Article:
Performance reviews are never easy, whether you have a team of a few people or hundreds on board. When managers assess employees, bias becomes an integral part of the process, no matter how honest they try to be. But conducting fair reviews is crucial to ensuring employee satisfaction and loyalty. When people suspect bias, they will likely leave the organization sooner than later. Employee turnover is the last thing business owners want to deal with, so it is better to ensure fairness in the review process. Let us share a few HR best practices to measure performance without bias.

Establish clear and measurable goals

Clear and measurable goals give you a good start with the performance review process. They work like a gold standard for leaders to measure employees’ work. There is hardly a chance of bias creeping into the process when they use the same metrics to assess the productivity and efficiency of every person on the team. Besides bringing fairness into the process, clear goals accelerate it for managers. Further, ensure using a scorecard to document results to bring transparency into the system.

Perform frequent mini-reviews

Experts recommend performing frequent mini-reviews instead of sticking to annual or bi-annual processes. It enables you to troubleshoot potential challenges as they arise and implement corrective measures. It is much like giving people a second chance to improve their performance to come to par with the top performers. Besides making reviews fairer, the iterative approach drives better outcomes for the organization.

Gather a comprehensive 360-feedback

Another surefire measure to establish fair and balanced performance reviews is to gather 360-degree feedback instead of conventional reviews. You can rely on a Free 360 Review template to get an honest one. Essentially, 360 reviews do not only rely on managers’ feedback. But they also include input from peers and other people that the employee works with. Such inputs eliminate bias from the process, specifically when they come from a broad cross-section of people working with the employee. Additionally, they present a more comprehensive picture with an overview of individual strengths and weaknesses.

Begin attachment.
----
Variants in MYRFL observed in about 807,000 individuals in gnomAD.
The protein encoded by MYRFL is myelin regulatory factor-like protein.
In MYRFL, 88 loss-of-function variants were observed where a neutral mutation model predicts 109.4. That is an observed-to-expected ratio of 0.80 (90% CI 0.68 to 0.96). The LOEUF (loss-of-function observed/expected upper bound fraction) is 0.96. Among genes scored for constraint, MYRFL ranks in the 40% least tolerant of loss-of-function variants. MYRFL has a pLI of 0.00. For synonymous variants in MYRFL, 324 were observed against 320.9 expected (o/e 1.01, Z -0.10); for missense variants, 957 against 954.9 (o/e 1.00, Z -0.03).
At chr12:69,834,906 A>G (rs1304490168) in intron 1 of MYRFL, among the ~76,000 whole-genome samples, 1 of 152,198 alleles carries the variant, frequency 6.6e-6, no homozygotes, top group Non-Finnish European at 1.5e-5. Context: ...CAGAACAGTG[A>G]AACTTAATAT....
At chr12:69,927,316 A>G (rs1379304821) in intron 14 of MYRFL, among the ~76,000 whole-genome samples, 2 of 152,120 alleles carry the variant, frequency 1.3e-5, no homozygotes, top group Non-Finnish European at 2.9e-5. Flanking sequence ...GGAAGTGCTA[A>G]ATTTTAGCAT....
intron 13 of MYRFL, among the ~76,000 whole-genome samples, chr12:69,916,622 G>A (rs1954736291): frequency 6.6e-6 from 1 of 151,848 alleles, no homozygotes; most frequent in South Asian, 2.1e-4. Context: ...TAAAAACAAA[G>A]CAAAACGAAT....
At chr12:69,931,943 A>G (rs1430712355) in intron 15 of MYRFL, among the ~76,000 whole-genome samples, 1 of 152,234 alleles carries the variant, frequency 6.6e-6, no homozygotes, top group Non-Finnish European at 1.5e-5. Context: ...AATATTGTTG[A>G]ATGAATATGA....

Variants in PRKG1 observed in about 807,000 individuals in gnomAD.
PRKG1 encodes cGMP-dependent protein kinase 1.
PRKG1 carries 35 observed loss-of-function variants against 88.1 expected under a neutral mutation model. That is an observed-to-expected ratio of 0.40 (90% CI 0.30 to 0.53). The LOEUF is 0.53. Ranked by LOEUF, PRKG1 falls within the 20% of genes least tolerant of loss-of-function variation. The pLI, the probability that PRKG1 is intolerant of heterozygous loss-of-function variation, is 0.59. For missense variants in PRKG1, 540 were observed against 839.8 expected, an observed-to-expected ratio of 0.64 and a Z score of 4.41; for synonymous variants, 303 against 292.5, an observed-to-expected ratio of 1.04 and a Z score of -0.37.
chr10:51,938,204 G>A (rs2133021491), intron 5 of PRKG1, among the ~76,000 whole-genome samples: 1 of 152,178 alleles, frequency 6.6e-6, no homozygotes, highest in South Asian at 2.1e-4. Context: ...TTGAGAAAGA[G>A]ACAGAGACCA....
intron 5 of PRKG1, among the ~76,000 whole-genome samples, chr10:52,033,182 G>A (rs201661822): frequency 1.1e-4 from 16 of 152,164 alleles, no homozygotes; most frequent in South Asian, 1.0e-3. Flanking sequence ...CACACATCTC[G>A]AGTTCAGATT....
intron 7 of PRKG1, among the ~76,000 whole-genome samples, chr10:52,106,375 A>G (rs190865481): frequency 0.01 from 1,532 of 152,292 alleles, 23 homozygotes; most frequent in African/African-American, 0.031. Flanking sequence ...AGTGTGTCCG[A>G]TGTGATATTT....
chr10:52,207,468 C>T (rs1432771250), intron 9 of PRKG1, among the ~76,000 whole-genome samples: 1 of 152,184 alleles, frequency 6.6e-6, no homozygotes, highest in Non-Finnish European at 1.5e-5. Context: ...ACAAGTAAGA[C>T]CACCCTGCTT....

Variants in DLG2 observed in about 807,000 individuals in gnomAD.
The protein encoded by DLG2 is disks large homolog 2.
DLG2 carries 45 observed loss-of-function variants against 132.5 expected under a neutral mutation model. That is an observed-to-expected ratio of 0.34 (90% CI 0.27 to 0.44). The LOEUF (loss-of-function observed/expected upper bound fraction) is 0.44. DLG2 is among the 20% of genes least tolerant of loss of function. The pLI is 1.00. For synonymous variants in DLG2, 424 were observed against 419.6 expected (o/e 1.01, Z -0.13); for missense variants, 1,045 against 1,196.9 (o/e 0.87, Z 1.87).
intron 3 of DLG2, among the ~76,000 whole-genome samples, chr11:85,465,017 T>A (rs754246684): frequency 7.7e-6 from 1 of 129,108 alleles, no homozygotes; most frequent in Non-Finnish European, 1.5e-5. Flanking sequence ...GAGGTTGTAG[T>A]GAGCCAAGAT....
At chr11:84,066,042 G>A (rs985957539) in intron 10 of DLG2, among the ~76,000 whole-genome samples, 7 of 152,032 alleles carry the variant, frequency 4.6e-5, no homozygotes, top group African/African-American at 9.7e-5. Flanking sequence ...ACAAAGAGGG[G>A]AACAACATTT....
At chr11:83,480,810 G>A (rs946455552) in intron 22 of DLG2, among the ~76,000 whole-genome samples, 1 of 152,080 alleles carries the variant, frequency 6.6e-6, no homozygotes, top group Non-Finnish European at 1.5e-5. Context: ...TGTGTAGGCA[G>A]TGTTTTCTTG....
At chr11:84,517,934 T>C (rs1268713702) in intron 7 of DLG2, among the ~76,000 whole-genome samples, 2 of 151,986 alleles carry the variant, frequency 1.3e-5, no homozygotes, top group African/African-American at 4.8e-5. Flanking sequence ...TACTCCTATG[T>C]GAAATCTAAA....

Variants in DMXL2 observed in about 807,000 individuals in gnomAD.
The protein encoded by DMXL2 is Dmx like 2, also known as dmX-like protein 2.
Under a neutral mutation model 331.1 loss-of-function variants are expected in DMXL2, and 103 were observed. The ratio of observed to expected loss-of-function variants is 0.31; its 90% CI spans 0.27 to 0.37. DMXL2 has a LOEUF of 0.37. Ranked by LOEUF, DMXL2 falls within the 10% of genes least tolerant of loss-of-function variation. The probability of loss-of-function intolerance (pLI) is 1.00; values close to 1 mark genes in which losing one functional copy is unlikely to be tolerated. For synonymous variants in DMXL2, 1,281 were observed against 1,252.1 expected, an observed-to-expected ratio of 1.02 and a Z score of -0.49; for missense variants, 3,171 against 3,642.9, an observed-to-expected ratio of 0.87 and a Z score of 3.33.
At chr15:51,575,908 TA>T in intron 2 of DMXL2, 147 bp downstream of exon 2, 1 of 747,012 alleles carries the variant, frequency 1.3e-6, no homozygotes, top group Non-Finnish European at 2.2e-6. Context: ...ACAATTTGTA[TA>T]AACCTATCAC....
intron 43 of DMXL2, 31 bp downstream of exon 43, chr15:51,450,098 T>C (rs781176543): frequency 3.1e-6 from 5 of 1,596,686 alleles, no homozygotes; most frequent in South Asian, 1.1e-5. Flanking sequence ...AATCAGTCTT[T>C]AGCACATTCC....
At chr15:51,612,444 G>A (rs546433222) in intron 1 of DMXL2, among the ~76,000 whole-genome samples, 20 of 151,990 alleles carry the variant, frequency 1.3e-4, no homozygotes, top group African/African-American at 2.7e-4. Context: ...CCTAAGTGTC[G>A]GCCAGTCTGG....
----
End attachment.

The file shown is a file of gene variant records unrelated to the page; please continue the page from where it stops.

Discuss specific issues

Discussing specific issues is a better alternative to covering broader attitudes and attributes. For example, talk about the possible reasons for an employee missing out on the lead generation targets instead of focusing on vague expectations. Remember to use nonjudgmental language during performance conversations to make them more constructive. Even if you have to criticize, make specific and actionable statements.

Ditch pre-assumptions

The worst way to conduct employee reviews is by relying on pre-assumptions because they make the process biased more often than not. Ensure that managers do not proceed with a skewed opinion due to personal preferences or hearsay. They should focus only on employee productivity and effectiveness to evaluate individual performance. It is the only way to establish a fair and just review process for your organization.

Fair employee reviews can strengthen your employer’s brand and ensure loyalty in the long run. So you must go the extra mile to ensure that your HR team follows these best practices every time they assess the performance of your team members.